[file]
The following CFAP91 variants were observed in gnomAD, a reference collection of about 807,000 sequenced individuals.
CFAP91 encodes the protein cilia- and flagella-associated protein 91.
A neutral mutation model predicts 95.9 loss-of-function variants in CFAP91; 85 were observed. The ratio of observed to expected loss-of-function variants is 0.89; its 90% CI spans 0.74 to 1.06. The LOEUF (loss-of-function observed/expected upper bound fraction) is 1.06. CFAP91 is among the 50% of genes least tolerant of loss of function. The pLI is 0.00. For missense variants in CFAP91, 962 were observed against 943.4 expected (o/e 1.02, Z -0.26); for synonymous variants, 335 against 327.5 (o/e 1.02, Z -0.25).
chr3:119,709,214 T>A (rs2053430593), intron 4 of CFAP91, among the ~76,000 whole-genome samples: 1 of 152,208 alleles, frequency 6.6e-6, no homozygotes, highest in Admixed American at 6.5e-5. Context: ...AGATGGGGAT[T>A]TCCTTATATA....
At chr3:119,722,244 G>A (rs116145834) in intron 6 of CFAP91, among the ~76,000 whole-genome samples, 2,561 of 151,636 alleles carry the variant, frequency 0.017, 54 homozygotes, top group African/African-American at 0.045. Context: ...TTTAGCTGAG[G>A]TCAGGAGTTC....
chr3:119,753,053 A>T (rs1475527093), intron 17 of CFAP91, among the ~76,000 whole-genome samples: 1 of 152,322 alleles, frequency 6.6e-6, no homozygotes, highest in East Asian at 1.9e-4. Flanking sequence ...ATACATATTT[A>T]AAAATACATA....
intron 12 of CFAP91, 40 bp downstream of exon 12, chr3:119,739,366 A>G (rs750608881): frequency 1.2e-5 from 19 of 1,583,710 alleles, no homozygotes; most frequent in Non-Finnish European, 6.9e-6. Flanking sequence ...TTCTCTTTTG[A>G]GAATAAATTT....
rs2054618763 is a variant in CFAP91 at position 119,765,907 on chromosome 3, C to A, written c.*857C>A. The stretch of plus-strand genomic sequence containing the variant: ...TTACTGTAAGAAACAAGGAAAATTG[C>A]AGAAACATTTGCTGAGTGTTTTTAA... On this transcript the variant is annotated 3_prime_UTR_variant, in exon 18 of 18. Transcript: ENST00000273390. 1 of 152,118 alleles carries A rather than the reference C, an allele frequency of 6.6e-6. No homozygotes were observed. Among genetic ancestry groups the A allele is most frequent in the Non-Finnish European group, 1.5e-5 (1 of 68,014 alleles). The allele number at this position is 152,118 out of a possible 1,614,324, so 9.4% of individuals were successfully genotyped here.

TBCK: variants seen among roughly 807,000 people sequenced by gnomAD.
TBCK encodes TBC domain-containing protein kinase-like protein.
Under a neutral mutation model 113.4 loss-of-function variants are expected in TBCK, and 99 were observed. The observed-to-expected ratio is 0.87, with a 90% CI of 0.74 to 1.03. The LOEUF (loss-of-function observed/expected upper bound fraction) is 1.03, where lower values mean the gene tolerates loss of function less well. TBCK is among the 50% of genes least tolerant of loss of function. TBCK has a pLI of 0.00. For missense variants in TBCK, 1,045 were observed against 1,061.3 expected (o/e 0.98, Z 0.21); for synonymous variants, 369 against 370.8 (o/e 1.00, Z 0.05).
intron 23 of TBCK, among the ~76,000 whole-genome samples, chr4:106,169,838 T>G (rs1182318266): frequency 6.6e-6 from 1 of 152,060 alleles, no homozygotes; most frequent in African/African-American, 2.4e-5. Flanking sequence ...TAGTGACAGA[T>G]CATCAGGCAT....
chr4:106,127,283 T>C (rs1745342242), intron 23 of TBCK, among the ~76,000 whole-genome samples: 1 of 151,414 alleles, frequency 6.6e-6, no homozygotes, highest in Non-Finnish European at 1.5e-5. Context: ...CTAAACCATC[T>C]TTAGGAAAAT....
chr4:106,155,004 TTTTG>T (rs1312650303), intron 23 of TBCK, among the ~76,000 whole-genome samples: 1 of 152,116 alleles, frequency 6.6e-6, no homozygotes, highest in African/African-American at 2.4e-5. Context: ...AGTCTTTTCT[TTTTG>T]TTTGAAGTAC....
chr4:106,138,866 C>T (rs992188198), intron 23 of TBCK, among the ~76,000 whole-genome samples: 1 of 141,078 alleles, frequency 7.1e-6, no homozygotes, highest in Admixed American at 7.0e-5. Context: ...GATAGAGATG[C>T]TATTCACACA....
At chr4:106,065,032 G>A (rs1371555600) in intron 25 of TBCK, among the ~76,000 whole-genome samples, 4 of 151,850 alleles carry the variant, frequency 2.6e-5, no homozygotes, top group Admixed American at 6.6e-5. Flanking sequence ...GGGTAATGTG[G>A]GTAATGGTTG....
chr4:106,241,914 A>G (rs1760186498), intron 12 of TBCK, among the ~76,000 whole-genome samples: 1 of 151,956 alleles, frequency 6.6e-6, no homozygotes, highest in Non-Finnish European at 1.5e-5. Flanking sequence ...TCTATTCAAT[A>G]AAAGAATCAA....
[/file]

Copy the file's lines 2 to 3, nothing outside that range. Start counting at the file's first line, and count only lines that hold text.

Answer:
CFAP91 encodes the protein cilia- and flagella-associated protein 91.
A neutral mutation model predicts 95.9 loss-of-function variants in CFAP91; 85 were observed. The ratio of observed to expected loss-of-function variants is 0.89; its 90% CI spans 0.74 to 1.06. The LOEUF (loss-of-function observed/expected upper bound fraction) is 1.06. CFAP91 is among the 50% of genes least tolerant of loss of function. The pLI is 0.00. For missense variants in CFAP91, 962 were observed against 943.4 expected (o/e 1.02, Z -0.26); for synonymous variants, 335 against 327.5 (o/e 1.02, Z -0.25).